CIC - Winter 2020

College Conquering Covid

Now, more than ever, health care workers are needed on the front lines of the Covid pandemic. Doctors and nurses have been working long hours to help their patients. But there are many other workers who have also been providing direct patient care.

These are just a few of the many professions that have been active in the fight against Covid.

Primary Care Paramedics

Primary Care Paramedics (PCPs) are a very important part of the healthcare team. As members of Emergency Medical Services, PCPs are usually sent on-scene to provide basic life support as well as trauma and medical care.

PCPs are trained for the responsibilities of patient assessment, treatment, stabilization and transport.

College course length is usually one to two years.

Primary Care Paramedics earn, on average, approximately $66,000 per year but can go as high as $90,000.

Respiratory Therapist

Since the Covid-19 pandemic began, we have been hearing a lot about respiratory therapy and its importance in treating patients with the virus.

Respiratory therapists are responsible for treating diseases and infections related to the cardiopulmonary (heart and lung) system. While Covid is top of mind right now, Respiratory Therapists (RTs) also help treat patients with lung cancer, pneumonia, bronchitis, asthma and emphysema. RTs can also be found in the emergency room where they provide life-saving care to trauma patients. They work with everyone including premature infants with underdeveloped lungs to senior citizens with advanced cardiopulmonary diseases and are responsible for managing life support systems. They also analyze blood samples, perform tests, assess vital signs, oversee rehab activities and assess lung capacity.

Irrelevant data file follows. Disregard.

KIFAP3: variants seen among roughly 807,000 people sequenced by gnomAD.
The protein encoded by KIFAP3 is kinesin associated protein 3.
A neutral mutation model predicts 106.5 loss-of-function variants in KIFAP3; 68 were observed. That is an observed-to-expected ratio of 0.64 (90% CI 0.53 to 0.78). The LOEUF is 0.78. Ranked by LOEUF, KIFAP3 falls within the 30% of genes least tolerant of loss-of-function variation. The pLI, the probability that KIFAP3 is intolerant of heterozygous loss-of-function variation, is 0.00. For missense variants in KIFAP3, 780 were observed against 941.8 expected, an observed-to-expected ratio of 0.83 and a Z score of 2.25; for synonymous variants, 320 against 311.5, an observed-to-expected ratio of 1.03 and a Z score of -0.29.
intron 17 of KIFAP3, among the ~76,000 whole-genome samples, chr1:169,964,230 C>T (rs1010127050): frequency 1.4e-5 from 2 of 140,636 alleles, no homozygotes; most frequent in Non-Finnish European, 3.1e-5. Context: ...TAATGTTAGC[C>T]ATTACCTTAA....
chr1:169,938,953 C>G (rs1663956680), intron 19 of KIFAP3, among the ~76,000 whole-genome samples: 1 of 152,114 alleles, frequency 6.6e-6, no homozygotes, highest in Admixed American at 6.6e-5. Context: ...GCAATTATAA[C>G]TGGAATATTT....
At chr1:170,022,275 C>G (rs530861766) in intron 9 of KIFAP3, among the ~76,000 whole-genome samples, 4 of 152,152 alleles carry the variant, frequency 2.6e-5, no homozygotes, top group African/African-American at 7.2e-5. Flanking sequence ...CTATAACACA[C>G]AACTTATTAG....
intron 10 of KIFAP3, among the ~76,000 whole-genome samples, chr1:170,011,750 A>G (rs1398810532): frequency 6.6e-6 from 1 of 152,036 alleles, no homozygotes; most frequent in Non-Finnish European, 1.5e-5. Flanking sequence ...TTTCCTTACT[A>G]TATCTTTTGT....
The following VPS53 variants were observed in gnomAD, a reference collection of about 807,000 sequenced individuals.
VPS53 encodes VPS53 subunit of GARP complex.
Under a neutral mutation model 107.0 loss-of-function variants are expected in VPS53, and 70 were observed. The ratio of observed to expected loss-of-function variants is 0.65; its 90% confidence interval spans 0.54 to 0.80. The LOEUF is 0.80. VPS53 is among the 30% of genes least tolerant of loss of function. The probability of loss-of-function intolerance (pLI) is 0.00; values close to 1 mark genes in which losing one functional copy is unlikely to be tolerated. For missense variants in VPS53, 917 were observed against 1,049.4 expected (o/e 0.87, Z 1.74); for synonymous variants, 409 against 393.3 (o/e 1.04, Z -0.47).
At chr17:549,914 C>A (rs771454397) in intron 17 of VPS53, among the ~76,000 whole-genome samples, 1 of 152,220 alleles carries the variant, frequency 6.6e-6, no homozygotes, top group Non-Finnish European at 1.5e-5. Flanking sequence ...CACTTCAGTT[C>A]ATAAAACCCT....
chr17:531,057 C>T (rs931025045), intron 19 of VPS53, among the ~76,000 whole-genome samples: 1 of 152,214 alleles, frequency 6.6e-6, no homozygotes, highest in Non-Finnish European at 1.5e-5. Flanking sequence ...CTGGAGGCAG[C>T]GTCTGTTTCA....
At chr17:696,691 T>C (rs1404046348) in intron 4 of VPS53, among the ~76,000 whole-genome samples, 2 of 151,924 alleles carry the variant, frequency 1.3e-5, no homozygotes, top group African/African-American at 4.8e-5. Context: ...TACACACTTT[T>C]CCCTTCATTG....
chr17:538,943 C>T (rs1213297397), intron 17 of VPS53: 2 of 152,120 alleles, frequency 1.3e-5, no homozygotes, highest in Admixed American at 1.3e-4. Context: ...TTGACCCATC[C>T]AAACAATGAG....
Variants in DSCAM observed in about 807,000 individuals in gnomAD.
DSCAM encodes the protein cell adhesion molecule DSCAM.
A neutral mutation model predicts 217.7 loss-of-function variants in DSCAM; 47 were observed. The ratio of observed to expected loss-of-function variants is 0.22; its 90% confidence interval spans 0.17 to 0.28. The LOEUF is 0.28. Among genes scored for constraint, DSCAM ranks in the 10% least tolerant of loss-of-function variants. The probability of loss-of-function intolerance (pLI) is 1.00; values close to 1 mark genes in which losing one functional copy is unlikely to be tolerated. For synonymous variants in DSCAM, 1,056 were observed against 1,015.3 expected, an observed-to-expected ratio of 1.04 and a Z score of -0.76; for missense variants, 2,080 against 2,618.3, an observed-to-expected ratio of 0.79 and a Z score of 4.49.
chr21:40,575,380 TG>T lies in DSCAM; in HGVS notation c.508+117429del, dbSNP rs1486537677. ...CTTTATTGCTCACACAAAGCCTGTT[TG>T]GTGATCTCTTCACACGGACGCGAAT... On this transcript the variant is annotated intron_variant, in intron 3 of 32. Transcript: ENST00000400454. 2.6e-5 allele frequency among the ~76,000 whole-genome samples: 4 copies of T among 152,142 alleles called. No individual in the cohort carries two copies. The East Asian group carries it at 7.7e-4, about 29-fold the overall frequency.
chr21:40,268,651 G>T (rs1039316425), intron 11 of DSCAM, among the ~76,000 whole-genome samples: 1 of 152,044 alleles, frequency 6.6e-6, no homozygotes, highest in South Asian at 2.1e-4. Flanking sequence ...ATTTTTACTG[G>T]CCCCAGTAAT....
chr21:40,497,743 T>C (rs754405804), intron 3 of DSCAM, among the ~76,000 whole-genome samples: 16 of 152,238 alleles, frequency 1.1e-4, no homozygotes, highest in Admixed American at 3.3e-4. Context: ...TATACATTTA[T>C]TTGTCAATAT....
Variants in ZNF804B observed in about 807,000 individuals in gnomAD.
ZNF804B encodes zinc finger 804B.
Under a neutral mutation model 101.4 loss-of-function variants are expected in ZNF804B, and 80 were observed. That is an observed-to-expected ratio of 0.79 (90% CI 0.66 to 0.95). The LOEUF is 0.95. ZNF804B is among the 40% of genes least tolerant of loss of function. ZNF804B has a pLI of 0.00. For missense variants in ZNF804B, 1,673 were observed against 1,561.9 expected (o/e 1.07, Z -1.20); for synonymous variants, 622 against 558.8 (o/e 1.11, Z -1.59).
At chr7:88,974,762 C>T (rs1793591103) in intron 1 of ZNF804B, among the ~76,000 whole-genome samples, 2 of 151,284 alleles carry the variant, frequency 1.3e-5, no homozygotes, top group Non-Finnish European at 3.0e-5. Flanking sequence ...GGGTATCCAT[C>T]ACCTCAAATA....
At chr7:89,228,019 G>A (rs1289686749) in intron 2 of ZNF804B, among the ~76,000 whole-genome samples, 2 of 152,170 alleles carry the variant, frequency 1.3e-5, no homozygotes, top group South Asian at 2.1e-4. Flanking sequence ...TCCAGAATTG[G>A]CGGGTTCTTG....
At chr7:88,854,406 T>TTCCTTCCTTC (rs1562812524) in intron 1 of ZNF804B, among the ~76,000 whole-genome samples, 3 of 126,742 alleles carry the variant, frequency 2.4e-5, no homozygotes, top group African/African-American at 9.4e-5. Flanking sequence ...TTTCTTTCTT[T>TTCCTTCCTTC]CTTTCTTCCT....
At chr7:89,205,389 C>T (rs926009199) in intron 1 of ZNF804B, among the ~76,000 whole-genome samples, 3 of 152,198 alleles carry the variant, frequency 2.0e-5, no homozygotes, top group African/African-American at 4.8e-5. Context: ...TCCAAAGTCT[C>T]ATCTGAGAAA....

Respiratory therapists will find employment in hospital emergency rooms and ICUs, newborn and pediatric intensive care units or pulmonary diagnostics laboratories.

In Canada, the average salary for an RT is around $35 per hour and the course length is two to three years.

Medical Radiological Technologist (X-ray Technician)

Medical Radiological Technologists combine sophisticated technology with direct patient care to produce high quality images while exposing their patients to the lowest dose of radiation possible.

They work in four areas: radiological technology, nuclear medicine, radiation therapy and magnetic resonance imaging. Each discipline requires unique skills and specialized education.

MRTs must have a thorough knowledge of anatomy, physiology, and pathology.

The average salary for an MRT in Canada is around $35 per hour. 

MRTs generally go to college for around two years.

MRI Technologist

MRI Technologists use the magnetic resonance imaging scanner to prepare diagnostic images for the doctor. They must be able to position the patient properly depending on the area to be scanned. They also maintain the imaging equipment. MRI Technologists need to have technical skills and physical strength to operate the equipment.

MRI Technicians usually attend college for two years but most often also need to have their MRT (medical radiation technologist) course or a Bachelorís Degree in a related field first.